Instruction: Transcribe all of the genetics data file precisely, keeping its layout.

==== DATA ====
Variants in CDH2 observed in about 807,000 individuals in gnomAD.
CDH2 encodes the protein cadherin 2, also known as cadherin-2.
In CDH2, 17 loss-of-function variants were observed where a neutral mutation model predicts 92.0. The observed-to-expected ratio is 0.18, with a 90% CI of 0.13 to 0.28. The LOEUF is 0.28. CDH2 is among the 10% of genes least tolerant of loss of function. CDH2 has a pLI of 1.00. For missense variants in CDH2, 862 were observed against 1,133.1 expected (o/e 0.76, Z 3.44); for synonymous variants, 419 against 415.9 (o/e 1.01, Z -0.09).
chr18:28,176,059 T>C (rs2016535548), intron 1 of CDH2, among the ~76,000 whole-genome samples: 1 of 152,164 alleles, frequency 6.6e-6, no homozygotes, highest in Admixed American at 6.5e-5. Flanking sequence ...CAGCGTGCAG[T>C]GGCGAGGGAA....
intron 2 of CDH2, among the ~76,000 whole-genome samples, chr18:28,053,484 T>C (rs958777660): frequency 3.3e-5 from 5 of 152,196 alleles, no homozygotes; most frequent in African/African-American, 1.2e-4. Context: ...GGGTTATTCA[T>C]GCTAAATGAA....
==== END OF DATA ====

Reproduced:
Variants in CDH2 observed in about 807,000 individuals in gnomAD.
CDH2 encodes the protein cadherin 2, also known as cadherin-2.
In CDH2, 17 loss-of-function variants were observed where a neutral mutation model predicts 92.0. The observed-to-expected ratio is 0.18, with a 90% CI of 0.13 to 0.28. The LOEUF is 0.28. CDH2 is among the 10% of genes least tolerant of loss of function. CDH2 has a pLI of 1.00. For missense variants in CDH2, 862 were observed against 1,133.1 expected (o/e 0.76, Z 3.44); for synonymous variants, 419 against 415.9 (o/e 1.01, Z -0.09).
chr18:28,176,059 T>C (rs2016535548), intron 1 of CDH2, among the ~76,000 whole-genome samples: 1 of 152,164 alleles, frequency 6.6e-6, no homozygotes, highest in Admixed American at 6.5e-5. Flanking sequence ...CAGCGTGCAG[T>C]GGCGAGGGAA....
intron 2 of CDH2, among the ~76,000 whole-genome samples, chr18:28,053,484 T>C (rs958777660): frequency 3.3e-5 from 5 of 152,196 alleles, no homozygotes; most frequent in African/African-American, 1.2e-4. Context: ...GGGTTATTCA[T>C]GCTAAATGAA....